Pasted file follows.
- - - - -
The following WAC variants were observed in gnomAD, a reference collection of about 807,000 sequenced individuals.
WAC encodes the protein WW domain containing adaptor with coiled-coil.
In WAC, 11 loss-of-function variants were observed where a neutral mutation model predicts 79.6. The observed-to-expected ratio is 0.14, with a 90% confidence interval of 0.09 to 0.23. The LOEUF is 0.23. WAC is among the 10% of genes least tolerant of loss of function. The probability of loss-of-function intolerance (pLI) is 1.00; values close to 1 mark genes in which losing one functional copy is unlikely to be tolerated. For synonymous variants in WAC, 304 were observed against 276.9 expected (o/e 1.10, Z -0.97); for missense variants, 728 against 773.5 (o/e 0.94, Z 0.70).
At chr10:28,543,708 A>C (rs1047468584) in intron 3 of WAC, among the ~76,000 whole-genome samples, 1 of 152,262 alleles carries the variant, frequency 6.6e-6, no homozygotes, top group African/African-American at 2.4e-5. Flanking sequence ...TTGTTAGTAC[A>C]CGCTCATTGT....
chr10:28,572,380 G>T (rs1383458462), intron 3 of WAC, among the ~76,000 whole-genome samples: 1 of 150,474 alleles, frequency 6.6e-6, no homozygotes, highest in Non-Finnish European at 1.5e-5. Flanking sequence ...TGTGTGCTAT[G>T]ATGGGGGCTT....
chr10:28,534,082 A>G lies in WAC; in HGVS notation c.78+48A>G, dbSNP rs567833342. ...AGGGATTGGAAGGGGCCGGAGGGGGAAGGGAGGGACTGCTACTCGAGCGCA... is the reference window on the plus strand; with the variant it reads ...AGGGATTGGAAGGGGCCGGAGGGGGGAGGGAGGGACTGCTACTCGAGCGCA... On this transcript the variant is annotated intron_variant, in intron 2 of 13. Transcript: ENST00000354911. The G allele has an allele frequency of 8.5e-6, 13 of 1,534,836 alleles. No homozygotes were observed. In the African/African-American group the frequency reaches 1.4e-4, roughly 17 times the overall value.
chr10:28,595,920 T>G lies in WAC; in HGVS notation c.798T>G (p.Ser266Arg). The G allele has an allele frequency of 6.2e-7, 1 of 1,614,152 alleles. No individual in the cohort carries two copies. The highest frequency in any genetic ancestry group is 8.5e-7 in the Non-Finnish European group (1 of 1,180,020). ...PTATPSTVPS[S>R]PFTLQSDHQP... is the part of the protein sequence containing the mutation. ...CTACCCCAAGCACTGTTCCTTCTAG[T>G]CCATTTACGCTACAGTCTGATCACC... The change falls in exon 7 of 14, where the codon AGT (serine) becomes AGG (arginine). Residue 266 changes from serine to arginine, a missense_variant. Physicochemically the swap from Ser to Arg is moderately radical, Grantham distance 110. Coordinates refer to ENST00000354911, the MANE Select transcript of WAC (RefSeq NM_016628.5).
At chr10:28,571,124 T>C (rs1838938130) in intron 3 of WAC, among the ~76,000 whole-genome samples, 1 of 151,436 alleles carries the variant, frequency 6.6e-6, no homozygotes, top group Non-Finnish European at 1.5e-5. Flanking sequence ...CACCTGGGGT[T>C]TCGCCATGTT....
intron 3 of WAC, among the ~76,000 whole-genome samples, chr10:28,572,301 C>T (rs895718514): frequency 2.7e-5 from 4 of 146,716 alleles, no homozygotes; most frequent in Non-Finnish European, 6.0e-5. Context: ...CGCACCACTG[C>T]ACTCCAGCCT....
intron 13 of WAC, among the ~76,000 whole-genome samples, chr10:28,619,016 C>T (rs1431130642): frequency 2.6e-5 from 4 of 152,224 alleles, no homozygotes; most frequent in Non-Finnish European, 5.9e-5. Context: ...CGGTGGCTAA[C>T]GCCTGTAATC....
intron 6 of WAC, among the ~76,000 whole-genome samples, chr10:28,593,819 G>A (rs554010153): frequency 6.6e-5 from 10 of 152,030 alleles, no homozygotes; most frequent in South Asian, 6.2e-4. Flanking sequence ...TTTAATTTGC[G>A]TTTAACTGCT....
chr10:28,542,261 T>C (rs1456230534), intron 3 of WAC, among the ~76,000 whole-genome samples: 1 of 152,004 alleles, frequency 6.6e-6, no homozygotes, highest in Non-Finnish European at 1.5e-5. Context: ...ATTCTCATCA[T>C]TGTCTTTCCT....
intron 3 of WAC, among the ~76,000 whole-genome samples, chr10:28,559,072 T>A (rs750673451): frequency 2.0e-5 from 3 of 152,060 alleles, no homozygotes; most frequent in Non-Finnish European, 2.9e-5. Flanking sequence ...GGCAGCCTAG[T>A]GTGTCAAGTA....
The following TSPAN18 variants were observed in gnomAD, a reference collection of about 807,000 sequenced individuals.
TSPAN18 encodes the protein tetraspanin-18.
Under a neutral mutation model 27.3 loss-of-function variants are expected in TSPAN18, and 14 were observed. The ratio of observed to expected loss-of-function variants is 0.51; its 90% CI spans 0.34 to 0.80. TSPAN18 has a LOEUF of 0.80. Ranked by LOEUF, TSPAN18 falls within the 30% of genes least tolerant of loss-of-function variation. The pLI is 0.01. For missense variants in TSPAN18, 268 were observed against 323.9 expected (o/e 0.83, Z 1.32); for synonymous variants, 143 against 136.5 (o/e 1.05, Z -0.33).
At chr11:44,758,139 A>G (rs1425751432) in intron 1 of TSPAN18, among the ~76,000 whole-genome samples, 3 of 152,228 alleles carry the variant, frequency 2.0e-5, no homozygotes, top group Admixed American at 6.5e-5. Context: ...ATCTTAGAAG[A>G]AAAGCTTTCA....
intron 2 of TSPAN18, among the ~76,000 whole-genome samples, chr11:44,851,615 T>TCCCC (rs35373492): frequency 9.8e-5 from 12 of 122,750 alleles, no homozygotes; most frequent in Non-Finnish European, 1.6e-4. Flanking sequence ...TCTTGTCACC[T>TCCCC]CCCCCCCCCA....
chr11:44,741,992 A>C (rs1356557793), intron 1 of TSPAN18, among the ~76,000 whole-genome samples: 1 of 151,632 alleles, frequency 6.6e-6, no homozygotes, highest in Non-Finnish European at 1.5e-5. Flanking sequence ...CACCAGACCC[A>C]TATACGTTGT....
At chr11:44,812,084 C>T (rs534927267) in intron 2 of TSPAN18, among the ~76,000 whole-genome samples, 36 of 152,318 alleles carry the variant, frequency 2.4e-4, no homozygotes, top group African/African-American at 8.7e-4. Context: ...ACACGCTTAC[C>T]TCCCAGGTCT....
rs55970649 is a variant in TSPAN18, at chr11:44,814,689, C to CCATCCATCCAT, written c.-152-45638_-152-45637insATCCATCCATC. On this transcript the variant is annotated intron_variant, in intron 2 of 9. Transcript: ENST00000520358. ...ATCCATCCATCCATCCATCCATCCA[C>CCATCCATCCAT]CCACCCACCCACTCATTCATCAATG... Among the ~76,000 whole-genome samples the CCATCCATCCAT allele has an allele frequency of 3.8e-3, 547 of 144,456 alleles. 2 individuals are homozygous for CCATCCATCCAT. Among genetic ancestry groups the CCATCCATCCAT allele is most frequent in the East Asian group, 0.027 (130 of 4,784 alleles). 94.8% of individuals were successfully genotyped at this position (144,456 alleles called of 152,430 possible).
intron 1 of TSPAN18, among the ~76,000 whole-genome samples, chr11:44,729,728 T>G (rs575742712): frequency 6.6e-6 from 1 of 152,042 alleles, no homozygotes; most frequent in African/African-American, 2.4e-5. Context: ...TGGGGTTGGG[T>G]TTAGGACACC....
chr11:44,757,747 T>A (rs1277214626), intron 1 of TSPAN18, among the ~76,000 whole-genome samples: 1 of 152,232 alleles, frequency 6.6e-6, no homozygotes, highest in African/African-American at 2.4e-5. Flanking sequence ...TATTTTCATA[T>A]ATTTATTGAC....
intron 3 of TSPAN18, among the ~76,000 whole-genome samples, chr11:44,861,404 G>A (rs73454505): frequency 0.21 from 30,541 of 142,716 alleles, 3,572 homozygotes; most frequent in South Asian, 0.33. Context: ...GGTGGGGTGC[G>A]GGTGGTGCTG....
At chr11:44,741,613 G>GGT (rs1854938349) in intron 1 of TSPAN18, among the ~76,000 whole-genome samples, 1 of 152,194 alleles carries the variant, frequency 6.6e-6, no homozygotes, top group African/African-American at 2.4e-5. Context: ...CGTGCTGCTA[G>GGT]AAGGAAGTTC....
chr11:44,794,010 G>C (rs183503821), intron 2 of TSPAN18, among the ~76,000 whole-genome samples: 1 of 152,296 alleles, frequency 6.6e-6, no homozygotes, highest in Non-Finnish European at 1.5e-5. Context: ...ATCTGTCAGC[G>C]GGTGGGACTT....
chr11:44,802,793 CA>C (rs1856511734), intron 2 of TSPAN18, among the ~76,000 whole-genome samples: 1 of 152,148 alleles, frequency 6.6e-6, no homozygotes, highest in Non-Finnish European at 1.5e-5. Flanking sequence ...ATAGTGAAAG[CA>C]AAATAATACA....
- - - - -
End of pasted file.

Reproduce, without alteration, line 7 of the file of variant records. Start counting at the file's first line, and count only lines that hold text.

chr10:28,595,920 T>G lies in WAC; in HGVS notation c.798T>G (p.Ser266Arg). The G allele has an allele frequency of 6.2e-7, 1 of 1,614,152 alleles. No individual in the cohort carries two copies. The highest frequency in any genetic ancestry group is 8.5e-7 in the Non-Finnish European group (1 of 1,180,020). ...PTATPSTVPS[S>R]PFTLQSDHQP... is the part of the protein sequence containing the mutation. ...CTACCCCAAGCACTGTTCCTTCTAG[T>G]CCATTTACGCTACAGTCTGATCACC... The change falls in exon 7 of 14, where the codon AGT (serine) becomes AGG (arginine). Residue 266 changes from serine to arginine, a missense_variant. Physicochemically the swap from Ser to Arg is moderately radical, Grantham distance 110. Coordinates refer to ENST00000354911, the MANE Select transcript of WAC (RefSeq NM_016628.5).